A conversation with Historical Fiction author — John Anthony Miller.
Hello, John. It is so great to see you on Myths, Legends, Books & Coffee Pots. For the readers who may not have come across your work, could you tell us a little about yourself?
Of course! My name is John Anthony Miller. I live in the U.S., in southern New Jersey, and a life-long love of travel and history has motivated by writing. My fifth book, Honour the Dead, a historical murder mystery set in the 1920’s, has just been released.
I like to write about ordinary people compelled to do extraordinary things when faced with tragedy, like a global catastrophe or personal demons – challenges they struggle to overcome. My first four books are about WWII, but not generals or admirals or politicians, but a reporter, a history teacher, a banker, a violinist. They become heroes, just as many other ordinary people became heroes during the global conflict, their stories difficult to imagine in a world that is now so different, but in some ways, still the same. I also like to use the location of the novel as a character, often exotic, richly described, a place where people have either been or might someday like to go. My first four books are set in Singapore, Berlin, Lisbon, and Paris. For my fifth novel, Honour the Dead, I chose Lake Como, Italy, one of the most beautiful places in the world and a personal favorite of mine.
Your books sound utterly compelling. What inspired you to write the Honour the Dead?
I was intrigued by the utter devastation wrought by the First World War, which has since been overshadowed by the cataclysmic Second World War, so I set the novel in the 1920’s. I wanted to write about survivors, people desperately trying to forget the horrific tragedies they endured, losing family and friends, neighbours and coworkers – all victims to a war waged in muddy trenches with chlorine gas, the horror amplified by modern inventions like the tank and airplane. And even in 1921, three years after the fighting ended, I wanted to show that, regardless of how bright the future might seem, the past still clings tightly, refusing to let go.
|National Library of Scotland — John Warwick Brooke (Photographer) Licence: CC-BY-NC-SA|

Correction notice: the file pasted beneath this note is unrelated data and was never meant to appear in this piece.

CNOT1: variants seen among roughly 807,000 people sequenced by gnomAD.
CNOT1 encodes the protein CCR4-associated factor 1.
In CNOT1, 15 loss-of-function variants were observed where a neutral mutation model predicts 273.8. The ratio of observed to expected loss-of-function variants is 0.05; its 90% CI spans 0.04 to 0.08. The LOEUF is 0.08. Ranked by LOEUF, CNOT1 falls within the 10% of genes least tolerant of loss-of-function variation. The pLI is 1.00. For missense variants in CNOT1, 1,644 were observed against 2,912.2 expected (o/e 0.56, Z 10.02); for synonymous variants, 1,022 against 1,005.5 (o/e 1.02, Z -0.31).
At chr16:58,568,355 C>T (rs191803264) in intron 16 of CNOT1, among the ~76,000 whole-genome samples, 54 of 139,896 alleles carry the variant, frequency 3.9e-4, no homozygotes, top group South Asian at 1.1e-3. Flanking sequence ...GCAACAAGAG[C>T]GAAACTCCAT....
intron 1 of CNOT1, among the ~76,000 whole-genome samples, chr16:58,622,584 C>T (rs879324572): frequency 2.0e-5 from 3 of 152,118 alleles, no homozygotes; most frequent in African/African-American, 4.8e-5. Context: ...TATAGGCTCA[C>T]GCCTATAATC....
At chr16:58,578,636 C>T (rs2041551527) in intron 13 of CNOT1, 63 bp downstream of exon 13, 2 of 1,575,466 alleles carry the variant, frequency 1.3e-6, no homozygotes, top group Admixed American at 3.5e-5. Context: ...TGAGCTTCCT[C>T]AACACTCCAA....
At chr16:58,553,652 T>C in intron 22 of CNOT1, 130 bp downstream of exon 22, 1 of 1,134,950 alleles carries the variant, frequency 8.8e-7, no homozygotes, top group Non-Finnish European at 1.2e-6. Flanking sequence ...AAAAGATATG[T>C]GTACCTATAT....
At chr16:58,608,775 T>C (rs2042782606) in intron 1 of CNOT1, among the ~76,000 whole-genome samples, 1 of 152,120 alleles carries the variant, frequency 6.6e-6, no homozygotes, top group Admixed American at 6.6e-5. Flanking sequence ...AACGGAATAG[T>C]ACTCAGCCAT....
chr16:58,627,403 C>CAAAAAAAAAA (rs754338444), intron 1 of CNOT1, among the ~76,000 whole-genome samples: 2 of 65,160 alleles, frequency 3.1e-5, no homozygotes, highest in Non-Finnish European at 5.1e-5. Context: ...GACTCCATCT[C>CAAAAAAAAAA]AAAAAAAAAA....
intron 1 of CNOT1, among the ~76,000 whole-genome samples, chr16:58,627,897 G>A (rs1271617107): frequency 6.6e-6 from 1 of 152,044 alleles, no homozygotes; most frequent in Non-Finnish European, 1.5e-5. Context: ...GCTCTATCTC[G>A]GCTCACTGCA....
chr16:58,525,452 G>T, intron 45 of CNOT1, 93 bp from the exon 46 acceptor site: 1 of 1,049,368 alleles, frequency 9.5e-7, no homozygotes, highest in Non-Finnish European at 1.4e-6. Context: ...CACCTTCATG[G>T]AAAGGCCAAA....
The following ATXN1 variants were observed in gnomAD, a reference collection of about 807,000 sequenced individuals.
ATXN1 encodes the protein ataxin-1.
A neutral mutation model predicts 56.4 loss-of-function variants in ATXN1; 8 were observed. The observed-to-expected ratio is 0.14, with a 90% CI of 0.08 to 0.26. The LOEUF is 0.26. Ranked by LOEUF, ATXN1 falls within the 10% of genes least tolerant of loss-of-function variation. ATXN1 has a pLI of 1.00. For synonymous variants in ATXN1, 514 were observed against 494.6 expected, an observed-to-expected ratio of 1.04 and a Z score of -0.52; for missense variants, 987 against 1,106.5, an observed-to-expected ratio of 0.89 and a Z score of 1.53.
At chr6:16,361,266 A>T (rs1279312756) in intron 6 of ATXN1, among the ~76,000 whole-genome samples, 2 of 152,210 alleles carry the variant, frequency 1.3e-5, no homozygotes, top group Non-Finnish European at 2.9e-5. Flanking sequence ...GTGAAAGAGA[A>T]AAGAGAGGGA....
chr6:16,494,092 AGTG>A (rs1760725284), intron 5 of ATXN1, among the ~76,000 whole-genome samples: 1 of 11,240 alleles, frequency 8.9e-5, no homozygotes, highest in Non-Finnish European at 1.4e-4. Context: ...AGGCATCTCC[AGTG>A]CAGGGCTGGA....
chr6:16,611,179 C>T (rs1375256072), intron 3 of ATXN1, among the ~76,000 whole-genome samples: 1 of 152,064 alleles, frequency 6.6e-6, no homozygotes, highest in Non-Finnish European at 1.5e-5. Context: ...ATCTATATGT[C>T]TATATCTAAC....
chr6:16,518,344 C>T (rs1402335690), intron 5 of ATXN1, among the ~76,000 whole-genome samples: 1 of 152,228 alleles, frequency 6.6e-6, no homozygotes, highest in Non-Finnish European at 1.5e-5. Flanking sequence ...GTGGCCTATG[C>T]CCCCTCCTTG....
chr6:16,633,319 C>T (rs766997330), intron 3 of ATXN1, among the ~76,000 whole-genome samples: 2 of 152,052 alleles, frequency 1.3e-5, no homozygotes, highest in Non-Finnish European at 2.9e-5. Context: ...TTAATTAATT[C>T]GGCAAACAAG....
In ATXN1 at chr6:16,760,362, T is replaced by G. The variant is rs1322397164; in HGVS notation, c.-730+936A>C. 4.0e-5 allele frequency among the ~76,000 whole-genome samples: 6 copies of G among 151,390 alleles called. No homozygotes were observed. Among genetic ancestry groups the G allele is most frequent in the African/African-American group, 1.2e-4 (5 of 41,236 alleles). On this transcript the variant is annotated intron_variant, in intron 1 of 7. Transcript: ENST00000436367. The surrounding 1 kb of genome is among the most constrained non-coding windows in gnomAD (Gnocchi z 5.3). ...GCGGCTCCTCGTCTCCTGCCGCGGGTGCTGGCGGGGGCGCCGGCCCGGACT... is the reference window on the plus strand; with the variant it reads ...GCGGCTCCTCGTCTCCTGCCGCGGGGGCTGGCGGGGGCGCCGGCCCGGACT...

You are quite right, John. War does not end with the signing of an agreement; those who survived take their scars both physically and mentally home with them. What were the challenges you faced in researching this period of history?
I think most historical novels face the same challenges – the accurate description of daily life during the time period. I find that internet research tends to be high-level, and for the details needed to keep readers immersed in the story, I resort to books written about the time period.
I am sure all Historical Fiction authors would agree with you about the challenges of writing about their particular era. There are many books about the 1920’s. Can you tell us what sets your novel apart from those that have come before?
I think what makes Honour the Dead appealing to readers is that it crosses genres and it’s a series of contradictions. It’s a historical novel, yet a murder mystery. It’s a murder mystery, yet a psychological thriller. It takes place in an insane asylum, but in Lake Como – one of the most beautiful locations in the world. Although set in Italy, the characters are largely British. The unifying theme is that all involved suffer from the horrific tragedies of the First World War.
I am more intrigued than ever about you latest book. If I may be so bold to ask… What are you currently working on?
My literary agent already has my next novel – For Those Whose Dare – which is about an escape from East Berlin in 1961, just after the Berlin Wall was constructed. I’m now in the process of finishing a New Orleans murder mystery set in 1926 – Sinner, Saint, or Serpent – in which three strong female characters are suspects in the murder of a wealthy, but ruthless, businessman. And once that’s completed, it’ll be time to start another. I may return to WWII, or explore a completely different time period. History gives us so much to work with – don’t you agree?
I do indeed. Thank you so much for stopping by and chatting with me today.
It has been a pleasure, Mary Anne. I hope your followers enjoy reading Honour the Dead as much as I enjoyed writing it.
I am sure they will.
Honour the Dead
Honour the Dead is about six English survivors of WWI who converge on Lake Como, Italy in 1921: four men, two women = one corpse and one killer.
Penelope Jones, a wealthy socialite, is admitted to Lakeside Sanitarium, convinced someone is trying to kill her. Her husband, Alexander Cavendish, a WWI hero, is having an affair with her closest friend and owes gambling debts to Billy Flynn, a London gangster. Her father, Wellington Jones, is fighting the collapse of his business empire, and knows about Cavendish’s affair and gambling debts. Wellington needs money desperately and knows Penelope will inherit Cavendish’s estate, should anything happen to him. Dr. Joseph Barnett, Penelope’s doctor, struggles to control images of a war he can’t forget. He despises Cavendish, having served with him in the war. Barnett doesn’t see a war hero, but a despicable murderer who forced young men to die. Rose Barnett, the doctor’s wife, is a famous poet with a sordid secret. Rose was a nurse in France during the war, where she committed five mercy killings on horrifically wounded soldiers. Cavendish, the only witness, is blackmailing her. Who is the corpse and who is the killer?